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How the Beijing games could backfire for Beijing|Michael Cox

A Canadian speed skater stands on the podium at the 2022 Beijing Winter Olympics and raises the three-fingered, anti-authoritarian sign from Hunger Games, the hand signal now commonplace at marches accross Asia. At the post-ceremony press conference they launch into a pointed criticism of China’s abysmal human rights record, speaking passionately about the plight of those in Hong Kong and Xinjiang, before raising the detention of countrymen Michael Spavor and Michael Kovrig.

However unlikely this hypothetical scenario might seem, a few things have become clear: the Olympics are an unstoppable, soulless corporate entity and the games will go ahead as planned despite China’s egregious human rights record. Secondly, mass boycotts are being talked about and wielded as diplomatic threats from various nations, but — with less than nine months until the games are due to begin — it seems there will be full participation.

So with the inevitability of the games going ahead in mind, the Beijing Winter Olympics present an opportunity for those brave enough to speak out against the Chinese Communist Party (CCP), but even if an athlete does not speak up, the event will place a glaring spotlight on the leadership of Xi Jinping.

Of course, we must start by stating that Canada sending any athlete to a country in which two of its citizens are being held as political hostages isn’t just immoral, it is insane. This is part of what makes so much of the current discussion around boycotts so absurd: that the discussion is centred on gaining moral high ground and political leverage — or dithering over what the precise definition of the word genocide is — when it could simply be boiled down to a matter of personal safety. Leaving aside the fact China’s borders are essentially closed right now and that strict travel warnings would be in place for citizens of many of the countries competing, it is grossly irresponsible to send people to a country with no rule of law, under a totalitarian regime that regularly detains dissidents and is actively engaging in the mass incarceration of religious minorities.

Olympics history tells us that if a brave soul does speak up at the games, they may one day be celebrated as a hero, but in the short term will be treated like a pariah and punished.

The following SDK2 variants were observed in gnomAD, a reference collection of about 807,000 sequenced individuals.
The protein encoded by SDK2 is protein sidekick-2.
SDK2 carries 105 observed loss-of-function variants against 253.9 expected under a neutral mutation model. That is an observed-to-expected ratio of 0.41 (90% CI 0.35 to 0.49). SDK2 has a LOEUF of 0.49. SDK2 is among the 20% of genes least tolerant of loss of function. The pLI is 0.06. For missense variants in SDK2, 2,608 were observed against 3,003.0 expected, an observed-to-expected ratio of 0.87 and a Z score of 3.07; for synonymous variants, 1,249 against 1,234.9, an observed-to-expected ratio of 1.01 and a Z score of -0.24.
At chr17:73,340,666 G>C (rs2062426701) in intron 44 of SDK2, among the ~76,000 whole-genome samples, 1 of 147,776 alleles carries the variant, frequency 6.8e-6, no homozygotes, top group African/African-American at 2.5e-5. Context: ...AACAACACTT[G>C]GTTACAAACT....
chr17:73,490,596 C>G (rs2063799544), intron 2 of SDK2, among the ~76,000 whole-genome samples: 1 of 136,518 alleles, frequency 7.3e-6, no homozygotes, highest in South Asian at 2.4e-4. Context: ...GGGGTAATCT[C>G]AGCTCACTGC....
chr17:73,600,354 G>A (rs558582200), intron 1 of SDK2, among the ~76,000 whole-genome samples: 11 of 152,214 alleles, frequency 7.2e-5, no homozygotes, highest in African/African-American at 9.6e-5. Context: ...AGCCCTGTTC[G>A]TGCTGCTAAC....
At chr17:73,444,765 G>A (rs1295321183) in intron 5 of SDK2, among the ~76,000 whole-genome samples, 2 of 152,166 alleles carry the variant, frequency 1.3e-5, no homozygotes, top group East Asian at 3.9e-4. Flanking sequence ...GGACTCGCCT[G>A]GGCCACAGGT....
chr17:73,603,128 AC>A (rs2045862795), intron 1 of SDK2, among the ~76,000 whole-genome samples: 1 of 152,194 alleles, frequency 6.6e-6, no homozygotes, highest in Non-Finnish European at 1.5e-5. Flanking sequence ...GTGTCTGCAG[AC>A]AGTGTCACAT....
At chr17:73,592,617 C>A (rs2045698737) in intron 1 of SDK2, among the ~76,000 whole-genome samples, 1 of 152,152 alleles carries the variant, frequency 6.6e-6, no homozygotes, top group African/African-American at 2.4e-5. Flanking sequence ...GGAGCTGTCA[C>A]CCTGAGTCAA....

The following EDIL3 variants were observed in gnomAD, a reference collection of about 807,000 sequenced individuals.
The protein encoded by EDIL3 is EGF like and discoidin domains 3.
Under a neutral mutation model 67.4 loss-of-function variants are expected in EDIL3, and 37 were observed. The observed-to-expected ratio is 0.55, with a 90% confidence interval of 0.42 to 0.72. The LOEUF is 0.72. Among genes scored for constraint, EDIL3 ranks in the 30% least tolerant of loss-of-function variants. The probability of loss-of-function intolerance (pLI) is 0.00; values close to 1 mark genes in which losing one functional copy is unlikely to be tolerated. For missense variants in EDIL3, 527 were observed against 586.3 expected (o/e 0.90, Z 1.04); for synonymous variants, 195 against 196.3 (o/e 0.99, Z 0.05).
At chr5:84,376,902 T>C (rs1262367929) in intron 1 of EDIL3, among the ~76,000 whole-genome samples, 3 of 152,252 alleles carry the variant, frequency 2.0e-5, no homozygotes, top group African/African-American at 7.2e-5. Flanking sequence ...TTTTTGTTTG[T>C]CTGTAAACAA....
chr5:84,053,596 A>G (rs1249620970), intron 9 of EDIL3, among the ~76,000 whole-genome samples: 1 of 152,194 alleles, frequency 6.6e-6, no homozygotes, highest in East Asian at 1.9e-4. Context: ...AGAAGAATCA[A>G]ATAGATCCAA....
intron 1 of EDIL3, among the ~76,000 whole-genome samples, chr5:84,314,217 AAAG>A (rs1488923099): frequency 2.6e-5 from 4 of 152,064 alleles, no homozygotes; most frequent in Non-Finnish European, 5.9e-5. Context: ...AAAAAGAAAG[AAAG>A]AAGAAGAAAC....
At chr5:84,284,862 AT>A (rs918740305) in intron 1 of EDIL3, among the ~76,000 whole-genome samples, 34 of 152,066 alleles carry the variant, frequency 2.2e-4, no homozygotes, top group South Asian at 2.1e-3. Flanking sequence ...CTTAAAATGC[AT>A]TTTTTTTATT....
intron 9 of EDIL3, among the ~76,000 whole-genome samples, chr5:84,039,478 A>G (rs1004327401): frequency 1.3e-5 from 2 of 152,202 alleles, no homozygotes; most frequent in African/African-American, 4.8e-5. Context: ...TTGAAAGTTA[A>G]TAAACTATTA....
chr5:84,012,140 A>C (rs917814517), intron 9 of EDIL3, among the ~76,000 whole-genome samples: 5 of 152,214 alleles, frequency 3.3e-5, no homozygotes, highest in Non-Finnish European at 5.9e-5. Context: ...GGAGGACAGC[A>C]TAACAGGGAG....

That is the hypocrisy at the heart of the Olympics: for all of its progressive ideals and feel good stories, it has an ugly history when it comes to human rights.

The image of John Carlos and Tommie Smith standing on the dais at the 1968 Mexico games, their black-gloved fists raised in protest, is iconic, and their legacy is celebrated today — in 2019 they were inducted into the IOC Hall of Fame — but at the time they were ejected from the Olympic village and then ignored for decades.

Now a protest ban is included in the Olympics charter and even worse, the IOC passes the buck and abandons athletes to local authorities with this ominous kicker: “Any protest or demonstration outside Olympic venues must obviously comply with local legislation wherever local law forbids such actions.” Now Tokyo local laws around political protest are relatively benign, in Beijing it could mean serious time behind bars.

The photo of Smith and Carlos isn’t the only iconic Olympics image of arms being raised. At the opening ceremony of the 1936 games in Berlin, then-Chancellor Adolf Hitler led the crowd in a Nazi salute. The IOC would prefer we forget this image, but it is a chilling reminder of how the games can be used to legitimize the most evil of regimes and normalize repugnant ideas. Part of that Olympic charter also outlaws political propaganda in any sites, venues or other areas, which is no chance of being adhered to in Beijing given the entire event is a propaganda exercise.

Back in 2001, when making the case for the 2008 games being hosted in Beijing, the IOC claimed that it would help the human rights situation in the country. Then-IOC president Jacques Rogge said, “the staging of the Olympic Games will do a lot for the improvement of human rights and social relations in China.”

So just as the idea that the opening of China’s economy to the West would invariably bring democracy to China, the 2008 games clearly did nothing to push its hosts in the right direction, and in fact Human Rights Watch argued — that much like the supercharging of China’s economy — that hosting the 2008 games was “a catalyst for human rights abuses.”

Will these games be any different? Perhaps the biggest difference now is that the CCP is viewed very differently — it is widely distrusted, if not despised — and it seems to lack the self-awareness necessary to take advantage of the public relations platform it has been gifted.

The bad news for Xi is that unlike 2008, the games won’t bring a media focus on all that is good about China, but everything that is bad. It is a chance for CCP dysfunction to go mainstream as the eyes of the world are watching. The CCP’s tone deaf attempts at propaganda and its punishment of those who dare to dissent will be met with hostility.

If it is true that democracy dies in darkness, then authoritarianism should be afraid of the light, and the 2022 Winter Olympics could bring a scrutinizing spotlight that for Beijing — and the IOC itself ­– might be too bright to bear.

(Michael Cox is a journalist and Hong Kong permanent resident currently based in Australia. He has previously written for the South China Morning Post, The Age (Melbourne) and Australian Associated Press.)

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